• z raises the probability that the door is open.
19
Combining Evidence
• Suppose our robot obtains another
observation z2.
• How can we integrate this new
information?
• More generally, how can we estimate
P(x| z1...zn )?
20
Recursive Bayesian Updating
P( zn | x, z1,, zn  1) P( x | z1,, zn  1)
P( x | z1,, zn) 
P( zn | z1,, zn  1)
Markov assumption: zn is independent of z1,...,zn-1 if
we know x.
P ( zn | x) P ( x | z1,  , zn  1)
P ( x | z1,  , zn ) 
P ( zn | z1,  , zn  1)
  P ( zn | x) P ( x | z1,  , zn  1)
 1... n
 P( z | x) P( x)
i
i 1... n
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Example: Second Measurement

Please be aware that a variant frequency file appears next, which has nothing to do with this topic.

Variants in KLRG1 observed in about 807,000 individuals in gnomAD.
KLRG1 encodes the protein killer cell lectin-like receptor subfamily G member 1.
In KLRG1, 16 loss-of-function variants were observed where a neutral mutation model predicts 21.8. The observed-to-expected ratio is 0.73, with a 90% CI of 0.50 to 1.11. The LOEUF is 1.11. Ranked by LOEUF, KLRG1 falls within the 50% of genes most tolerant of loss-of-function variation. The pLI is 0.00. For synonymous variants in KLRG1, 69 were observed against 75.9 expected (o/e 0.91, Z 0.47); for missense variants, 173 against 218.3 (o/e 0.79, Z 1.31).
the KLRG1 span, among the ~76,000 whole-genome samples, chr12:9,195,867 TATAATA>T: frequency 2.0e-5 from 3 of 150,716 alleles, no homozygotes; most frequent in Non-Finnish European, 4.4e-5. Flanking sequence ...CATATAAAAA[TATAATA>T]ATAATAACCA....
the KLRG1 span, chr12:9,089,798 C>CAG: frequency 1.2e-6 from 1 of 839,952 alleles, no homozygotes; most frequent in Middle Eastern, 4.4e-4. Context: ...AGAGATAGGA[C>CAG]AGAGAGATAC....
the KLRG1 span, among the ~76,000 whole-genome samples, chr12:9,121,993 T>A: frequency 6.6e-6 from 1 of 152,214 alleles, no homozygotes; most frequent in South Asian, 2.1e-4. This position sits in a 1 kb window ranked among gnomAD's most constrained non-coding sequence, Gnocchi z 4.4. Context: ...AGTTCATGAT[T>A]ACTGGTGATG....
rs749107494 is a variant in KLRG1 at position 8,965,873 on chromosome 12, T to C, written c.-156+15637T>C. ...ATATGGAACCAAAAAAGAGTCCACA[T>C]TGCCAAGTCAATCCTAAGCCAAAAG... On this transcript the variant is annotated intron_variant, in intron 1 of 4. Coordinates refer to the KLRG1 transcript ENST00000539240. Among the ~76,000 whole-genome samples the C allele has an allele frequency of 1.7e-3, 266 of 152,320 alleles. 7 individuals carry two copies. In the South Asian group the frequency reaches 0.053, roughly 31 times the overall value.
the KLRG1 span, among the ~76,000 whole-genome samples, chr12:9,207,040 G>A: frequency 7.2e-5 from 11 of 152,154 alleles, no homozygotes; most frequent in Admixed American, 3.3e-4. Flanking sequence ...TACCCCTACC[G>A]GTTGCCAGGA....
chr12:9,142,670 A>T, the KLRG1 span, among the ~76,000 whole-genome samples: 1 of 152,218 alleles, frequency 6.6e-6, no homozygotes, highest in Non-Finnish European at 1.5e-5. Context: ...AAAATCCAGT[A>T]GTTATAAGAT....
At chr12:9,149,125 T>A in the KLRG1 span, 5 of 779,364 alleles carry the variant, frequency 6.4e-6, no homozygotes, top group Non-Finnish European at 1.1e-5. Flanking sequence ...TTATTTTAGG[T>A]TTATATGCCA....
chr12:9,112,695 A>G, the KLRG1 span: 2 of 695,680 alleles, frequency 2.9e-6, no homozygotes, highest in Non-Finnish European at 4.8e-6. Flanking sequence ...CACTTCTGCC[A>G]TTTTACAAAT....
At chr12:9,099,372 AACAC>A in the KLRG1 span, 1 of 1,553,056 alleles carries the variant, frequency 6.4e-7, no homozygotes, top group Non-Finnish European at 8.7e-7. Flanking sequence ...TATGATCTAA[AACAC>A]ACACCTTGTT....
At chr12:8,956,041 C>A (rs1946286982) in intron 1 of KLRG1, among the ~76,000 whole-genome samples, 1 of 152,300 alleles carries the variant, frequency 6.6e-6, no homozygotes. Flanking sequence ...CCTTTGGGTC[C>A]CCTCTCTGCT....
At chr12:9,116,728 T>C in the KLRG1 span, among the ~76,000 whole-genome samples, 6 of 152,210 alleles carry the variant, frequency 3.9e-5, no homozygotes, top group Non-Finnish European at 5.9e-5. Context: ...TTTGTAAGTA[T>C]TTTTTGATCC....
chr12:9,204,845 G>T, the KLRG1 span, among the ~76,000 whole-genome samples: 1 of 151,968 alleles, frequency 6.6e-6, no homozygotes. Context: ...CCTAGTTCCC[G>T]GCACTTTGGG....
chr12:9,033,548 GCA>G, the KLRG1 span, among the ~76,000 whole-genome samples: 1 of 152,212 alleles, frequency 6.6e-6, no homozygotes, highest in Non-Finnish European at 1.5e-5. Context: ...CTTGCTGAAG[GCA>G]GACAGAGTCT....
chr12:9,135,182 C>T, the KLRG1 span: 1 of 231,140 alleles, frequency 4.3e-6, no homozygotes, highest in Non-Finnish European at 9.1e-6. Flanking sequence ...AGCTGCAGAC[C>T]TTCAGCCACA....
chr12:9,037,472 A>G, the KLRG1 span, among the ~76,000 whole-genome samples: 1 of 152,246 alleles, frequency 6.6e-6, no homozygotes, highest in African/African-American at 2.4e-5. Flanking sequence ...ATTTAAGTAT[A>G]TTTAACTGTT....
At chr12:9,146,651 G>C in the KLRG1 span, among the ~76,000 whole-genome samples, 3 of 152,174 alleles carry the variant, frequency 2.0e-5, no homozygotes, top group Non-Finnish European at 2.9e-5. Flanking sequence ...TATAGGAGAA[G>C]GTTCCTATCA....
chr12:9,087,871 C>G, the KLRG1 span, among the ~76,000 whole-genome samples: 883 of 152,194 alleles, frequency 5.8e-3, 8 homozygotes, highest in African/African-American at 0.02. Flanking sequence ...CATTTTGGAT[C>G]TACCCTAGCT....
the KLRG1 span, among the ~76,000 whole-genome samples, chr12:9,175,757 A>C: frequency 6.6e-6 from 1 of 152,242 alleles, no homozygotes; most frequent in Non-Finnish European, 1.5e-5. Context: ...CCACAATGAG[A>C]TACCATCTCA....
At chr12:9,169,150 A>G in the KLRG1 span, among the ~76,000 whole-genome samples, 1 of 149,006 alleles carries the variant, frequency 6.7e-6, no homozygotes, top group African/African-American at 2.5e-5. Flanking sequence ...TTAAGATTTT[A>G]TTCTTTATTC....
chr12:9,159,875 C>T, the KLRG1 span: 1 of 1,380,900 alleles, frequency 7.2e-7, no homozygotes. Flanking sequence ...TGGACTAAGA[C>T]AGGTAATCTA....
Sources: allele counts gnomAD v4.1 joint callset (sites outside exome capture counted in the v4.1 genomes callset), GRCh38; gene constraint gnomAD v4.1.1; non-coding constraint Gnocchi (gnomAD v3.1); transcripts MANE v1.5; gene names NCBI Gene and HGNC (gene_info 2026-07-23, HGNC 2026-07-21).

• P(z2|open) = 0.5
• P(open|z1)=2/3
P(z2|open) = 0.6
P( z2 | open) P(open | z1 )
P(open | z2 , z1 ) 
P( z2 | open) P(open | z1 )  P( z2 | open) P(open | z1 )
1 2

5
2 3


 0.625
1 2 3 1
8
  
2 3 5 3
• z2 lowers the probability that the door is open.
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A Typical Pitfall
• Two possible locations x1 and x2
• P(x1)=0.99
• P(z|x2)=0.09 P(z|x1)=0.07
1
p(x2 | d)
p(x1 | d)
0.9
0.8
0.7
p( x | d)
0.6
0.5
0.4
0.3
0.2
0.1
0
5
10
15
20
25
30
Number of integrations
35
40
45
50
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Actions
• Often the world is dynamic since
• actions carried out by the robot,
• actions carried out by other agents,
• or just the time passing by
change the world.
• How can we incorporate such
actions?
24
Typical Actions
• The robot turns its wheels to move
• The robot uses its manipulator to grasp
•
an object
Plants grow over time…
• Actions are never carried out with
•
absolute certainty.
In contrast to measurements, actions